We planted 3 emeralds this summer that we bought on sale in 1 gallon pots. Do we need to water them until the ground freezes and burlap them or would they be ok over the winter since they are very small. Also, do you normally wrap boxwoods, these ones are new in our front garden this summer.
If you have the patience to buy smaller shrubs and let them grow into the spot where they are needed, it is a very good idea. Not only are the shrubs cheaper but they will become better established than large shrubs in a shorter period of time assuming the allocation is good.
Often times when we purchase cheap shrubs at big bulk stores we don’t know where the shrubs were originally grown. They may have originated in a milder climate and need to do some extra adjusting over the next year, making their way through all of our seasons as well as settling in to their new spot. Changes in their new environment may include differences in soil make up, amount of sun, direction they are facing, amount of water and exposure to wind. These are a lot of changes that could be occurring. The farmer’s almanac is also predicting a colder than usual winter, another thing that should be taken into account.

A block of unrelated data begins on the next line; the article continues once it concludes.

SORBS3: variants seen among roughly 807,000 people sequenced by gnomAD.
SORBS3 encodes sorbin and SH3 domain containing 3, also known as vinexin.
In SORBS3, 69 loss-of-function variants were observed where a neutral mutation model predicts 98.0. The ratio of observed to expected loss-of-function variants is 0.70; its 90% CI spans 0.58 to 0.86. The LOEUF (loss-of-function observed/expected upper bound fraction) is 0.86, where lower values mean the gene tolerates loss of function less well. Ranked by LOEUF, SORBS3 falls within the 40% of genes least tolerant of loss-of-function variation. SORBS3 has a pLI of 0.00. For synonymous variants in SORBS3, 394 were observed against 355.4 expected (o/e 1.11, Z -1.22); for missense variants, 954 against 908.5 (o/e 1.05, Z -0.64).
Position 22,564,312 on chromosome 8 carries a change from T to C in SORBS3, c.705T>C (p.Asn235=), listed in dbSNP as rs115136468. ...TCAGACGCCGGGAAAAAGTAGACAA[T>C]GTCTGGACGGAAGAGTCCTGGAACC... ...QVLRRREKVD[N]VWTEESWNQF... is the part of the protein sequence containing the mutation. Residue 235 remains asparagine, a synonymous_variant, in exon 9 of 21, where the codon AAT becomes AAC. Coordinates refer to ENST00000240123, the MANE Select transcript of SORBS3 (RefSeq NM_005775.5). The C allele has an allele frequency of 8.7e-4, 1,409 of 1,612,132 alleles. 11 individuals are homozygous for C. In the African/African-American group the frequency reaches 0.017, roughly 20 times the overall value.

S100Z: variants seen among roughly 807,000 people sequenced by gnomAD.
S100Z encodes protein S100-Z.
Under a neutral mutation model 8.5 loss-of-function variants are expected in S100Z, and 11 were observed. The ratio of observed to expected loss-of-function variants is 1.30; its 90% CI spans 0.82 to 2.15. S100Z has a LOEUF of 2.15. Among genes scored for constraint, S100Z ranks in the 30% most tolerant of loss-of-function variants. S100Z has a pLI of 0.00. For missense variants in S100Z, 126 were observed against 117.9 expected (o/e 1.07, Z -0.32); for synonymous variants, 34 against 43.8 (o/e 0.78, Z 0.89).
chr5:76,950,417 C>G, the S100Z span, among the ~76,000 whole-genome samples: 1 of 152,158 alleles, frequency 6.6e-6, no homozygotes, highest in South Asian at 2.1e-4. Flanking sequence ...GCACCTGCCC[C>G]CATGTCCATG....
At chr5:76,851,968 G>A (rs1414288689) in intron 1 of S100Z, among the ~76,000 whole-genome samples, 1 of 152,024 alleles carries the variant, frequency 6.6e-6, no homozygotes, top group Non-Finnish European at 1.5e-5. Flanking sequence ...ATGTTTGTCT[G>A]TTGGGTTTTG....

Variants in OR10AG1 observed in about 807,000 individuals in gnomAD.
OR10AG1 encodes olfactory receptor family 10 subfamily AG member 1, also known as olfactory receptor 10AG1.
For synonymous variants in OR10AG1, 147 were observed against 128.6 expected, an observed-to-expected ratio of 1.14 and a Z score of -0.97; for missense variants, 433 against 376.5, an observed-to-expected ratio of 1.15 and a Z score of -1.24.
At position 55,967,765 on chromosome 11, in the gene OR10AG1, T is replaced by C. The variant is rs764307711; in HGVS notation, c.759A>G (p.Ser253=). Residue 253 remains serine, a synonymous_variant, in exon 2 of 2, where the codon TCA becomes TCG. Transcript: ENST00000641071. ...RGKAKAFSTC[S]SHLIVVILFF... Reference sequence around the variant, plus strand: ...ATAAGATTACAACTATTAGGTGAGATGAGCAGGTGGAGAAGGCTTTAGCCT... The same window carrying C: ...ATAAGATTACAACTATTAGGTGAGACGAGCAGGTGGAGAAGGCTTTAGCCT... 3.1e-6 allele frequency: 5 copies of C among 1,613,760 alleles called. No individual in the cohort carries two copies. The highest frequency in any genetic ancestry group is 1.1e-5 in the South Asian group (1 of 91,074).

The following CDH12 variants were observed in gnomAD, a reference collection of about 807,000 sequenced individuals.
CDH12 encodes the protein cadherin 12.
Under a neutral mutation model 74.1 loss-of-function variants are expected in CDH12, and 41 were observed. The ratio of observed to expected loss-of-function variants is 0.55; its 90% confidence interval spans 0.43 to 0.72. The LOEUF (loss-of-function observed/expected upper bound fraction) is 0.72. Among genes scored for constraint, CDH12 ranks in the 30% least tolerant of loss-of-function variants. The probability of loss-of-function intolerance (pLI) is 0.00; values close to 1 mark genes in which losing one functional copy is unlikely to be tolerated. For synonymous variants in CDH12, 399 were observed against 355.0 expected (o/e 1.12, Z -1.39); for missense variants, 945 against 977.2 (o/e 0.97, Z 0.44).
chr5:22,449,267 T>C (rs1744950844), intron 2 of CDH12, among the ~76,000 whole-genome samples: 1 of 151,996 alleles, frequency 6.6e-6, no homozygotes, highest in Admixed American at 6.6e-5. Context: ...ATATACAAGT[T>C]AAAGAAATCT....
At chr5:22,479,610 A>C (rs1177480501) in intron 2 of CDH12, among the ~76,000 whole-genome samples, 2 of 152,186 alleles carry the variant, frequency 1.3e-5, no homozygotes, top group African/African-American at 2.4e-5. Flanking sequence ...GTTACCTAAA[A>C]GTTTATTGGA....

Considering all these changes it is suggested that a burlap wrap or fence would be a good idea for this first winter. A nice layer of mulch around the base of the trees would also be a good idea as that will give a bit of extra protection for the roots as well. I have attached a link to a previous question about winter care needed for pyramidal cedars. Have a look at that article and embedded in that article is a link to Ontario Landscapes website that has a great article on how to use burlap and what method might be the best for your specific site.
I would say that this article and website on protection applies to your new boxwoods as well. Once your shrubs are more established you will be able to leave them uncovered in the winter so you will be able to enjoy them all year long.
YES, continue to water until the ground is frozen. It is important for plants to be able to continue to absorb moisture until dormancy occurs.